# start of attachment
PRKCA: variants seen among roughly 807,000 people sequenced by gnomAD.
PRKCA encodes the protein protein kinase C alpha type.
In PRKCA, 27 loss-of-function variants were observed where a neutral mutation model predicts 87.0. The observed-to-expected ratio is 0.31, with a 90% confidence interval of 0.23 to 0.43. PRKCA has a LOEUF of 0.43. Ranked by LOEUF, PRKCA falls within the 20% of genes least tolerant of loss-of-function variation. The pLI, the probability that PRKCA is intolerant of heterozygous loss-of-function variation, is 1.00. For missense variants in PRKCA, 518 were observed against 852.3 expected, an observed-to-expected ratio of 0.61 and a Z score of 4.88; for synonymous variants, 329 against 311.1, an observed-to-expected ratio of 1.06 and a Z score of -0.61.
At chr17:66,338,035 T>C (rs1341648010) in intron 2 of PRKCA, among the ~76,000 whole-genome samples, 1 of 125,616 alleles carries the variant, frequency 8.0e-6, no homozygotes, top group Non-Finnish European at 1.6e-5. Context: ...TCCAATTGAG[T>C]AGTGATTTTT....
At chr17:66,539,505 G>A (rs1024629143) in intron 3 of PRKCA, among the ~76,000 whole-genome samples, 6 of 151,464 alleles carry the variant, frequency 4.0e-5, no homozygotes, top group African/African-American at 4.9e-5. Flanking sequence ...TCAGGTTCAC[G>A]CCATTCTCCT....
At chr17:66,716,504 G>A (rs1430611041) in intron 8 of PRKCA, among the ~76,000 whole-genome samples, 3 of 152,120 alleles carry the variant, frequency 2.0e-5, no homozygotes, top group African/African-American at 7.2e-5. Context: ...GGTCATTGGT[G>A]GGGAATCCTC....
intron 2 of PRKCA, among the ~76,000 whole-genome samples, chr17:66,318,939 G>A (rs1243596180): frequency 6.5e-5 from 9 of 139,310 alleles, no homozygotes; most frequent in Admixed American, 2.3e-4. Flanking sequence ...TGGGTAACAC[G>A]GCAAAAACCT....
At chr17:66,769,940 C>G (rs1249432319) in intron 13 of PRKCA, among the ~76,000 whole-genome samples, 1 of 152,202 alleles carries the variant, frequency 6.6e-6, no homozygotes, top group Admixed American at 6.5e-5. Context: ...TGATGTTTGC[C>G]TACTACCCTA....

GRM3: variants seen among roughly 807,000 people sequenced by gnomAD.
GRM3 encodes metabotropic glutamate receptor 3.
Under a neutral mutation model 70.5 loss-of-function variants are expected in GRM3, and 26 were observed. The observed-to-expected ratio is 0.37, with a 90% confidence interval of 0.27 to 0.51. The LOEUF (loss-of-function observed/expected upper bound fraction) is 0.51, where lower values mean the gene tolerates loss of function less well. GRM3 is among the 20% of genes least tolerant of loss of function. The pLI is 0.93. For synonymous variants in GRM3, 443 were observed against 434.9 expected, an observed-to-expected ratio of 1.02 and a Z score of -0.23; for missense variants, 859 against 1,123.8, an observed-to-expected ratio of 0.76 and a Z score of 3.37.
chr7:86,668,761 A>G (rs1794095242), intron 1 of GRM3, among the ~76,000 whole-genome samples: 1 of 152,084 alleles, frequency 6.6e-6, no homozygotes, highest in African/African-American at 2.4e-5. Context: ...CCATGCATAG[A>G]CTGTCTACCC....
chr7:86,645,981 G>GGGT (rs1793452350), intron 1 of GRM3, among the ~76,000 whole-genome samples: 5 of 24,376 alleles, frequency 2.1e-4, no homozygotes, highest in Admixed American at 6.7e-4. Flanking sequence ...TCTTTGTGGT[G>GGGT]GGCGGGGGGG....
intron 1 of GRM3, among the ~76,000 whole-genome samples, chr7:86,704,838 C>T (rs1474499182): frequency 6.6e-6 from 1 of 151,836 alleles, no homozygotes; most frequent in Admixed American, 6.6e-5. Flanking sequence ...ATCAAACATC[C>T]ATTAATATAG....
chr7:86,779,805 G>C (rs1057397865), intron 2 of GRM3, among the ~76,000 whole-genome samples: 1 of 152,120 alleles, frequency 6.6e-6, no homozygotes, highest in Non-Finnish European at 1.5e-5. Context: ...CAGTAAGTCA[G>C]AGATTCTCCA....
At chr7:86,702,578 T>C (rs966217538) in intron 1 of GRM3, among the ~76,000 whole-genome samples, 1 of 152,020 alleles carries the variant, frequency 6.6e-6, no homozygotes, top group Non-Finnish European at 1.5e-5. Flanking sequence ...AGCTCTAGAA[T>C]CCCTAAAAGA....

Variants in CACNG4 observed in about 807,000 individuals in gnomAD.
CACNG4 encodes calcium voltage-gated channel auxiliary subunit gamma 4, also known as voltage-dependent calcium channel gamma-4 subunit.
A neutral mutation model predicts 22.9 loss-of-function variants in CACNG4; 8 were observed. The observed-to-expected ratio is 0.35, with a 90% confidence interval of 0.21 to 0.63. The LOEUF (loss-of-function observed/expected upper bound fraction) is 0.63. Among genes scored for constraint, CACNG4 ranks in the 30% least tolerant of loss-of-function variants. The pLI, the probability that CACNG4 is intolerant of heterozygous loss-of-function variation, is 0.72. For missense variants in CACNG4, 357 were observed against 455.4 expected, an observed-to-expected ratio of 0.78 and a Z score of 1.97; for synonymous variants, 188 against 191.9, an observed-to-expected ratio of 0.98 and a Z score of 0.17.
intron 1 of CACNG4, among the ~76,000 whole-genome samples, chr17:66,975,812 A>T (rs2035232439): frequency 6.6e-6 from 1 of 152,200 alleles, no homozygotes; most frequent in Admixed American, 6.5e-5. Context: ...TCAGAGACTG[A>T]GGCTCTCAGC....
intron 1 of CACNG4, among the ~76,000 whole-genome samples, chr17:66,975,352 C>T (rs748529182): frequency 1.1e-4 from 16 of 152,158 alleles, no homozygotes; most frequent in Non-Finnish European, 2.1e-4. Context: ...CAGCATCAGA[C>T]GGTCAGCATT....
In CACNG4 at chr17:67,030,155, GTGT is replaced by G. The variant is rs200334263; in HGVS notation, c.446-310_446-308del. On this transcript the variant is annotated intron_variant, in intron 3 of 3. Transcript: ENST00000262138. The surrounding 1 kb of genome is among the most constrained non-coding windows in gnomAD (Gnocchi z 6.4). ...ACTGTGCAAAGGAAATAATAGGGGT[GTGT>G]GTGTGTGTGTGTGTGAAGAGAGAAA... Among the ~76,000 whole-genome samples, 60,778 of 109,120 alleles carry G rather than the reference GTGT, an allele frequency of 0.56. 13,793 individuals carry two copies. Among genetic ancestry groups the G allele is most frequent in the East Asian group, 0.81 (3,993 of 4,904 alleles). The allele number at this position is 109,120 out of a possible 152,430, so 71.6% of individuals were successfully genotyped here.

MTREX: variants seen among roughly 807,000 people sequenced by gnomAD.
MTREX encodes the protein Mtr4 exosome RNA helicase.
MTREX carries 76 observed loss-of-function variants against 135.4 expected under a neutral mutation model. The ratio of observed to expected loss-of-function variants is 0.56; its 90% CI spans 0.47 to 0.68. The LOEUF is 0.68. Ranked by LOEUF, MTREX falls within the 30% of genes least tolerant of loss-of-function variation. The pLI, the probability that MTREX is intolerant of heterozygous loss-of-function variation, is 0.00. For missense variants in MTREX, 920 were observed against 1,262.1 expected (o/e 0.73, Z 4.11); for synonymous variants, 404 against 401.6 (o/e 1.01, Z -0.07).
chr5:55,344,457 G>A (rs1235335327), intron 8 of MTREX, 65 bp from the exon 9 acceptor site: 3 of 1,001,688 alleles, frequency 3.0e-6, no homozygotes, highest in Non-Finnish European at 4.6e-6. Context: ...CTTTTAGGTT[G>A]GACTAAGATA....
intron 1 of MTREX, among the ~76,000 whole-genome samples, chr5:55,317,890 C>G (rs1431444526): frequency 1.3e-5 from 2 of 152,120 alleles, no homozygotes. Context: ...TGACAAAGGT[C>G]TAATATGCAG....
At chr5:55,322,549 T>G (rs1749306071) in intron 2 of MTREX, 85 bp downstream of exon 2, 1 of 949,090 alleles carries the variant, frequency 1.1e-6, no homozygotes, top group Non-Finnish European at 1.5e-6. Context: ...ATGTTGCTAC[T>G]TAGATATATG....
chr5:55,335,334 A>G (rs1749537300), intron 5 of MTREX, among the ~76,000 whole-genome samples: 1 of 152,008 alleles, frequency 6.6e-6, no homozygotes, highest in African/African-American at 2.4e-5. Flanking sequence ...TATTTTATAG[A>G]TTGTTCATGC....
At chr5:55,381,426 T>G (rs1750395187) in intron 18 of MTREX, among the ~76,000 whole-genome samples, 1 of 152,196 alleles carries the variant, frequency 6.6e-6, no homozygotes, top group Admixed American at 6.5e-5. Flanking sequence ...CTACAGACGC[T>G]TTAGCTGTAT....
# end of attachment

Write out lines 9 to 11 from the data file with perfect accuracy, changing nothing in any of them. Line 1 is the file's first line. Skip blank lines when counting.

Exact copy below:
GRM3: variants seen among roughly 807,000 people sequenced by gnomAD.
GRM3 encodes metabotropic glutamate receptor 3.
Under a neutral mutation model 70.5 loss-of-function variants are expected in GRM3, and 26 were observed. The observed-to-expected ratio is 0.37, with a 90% confidence interval of 0.27 to 0.51. The LOEUF (loss-of-function observed/expected upper bound fraction) is 0.51, where lower values mean the gene tolerates loss of function less well. GRM3 is among the 20% of genes least tolerant of loss of function. The pLI is 0.93. For synonymous variants in GRM3, 443 were observed against 434.9 expected, an observed-to-expected ratio of 1.02 and a Z score of -0.23; for missense variants, 859 against 1,123.8, an observed-to-expected ratio of 0.76 and a Z score of 3.37.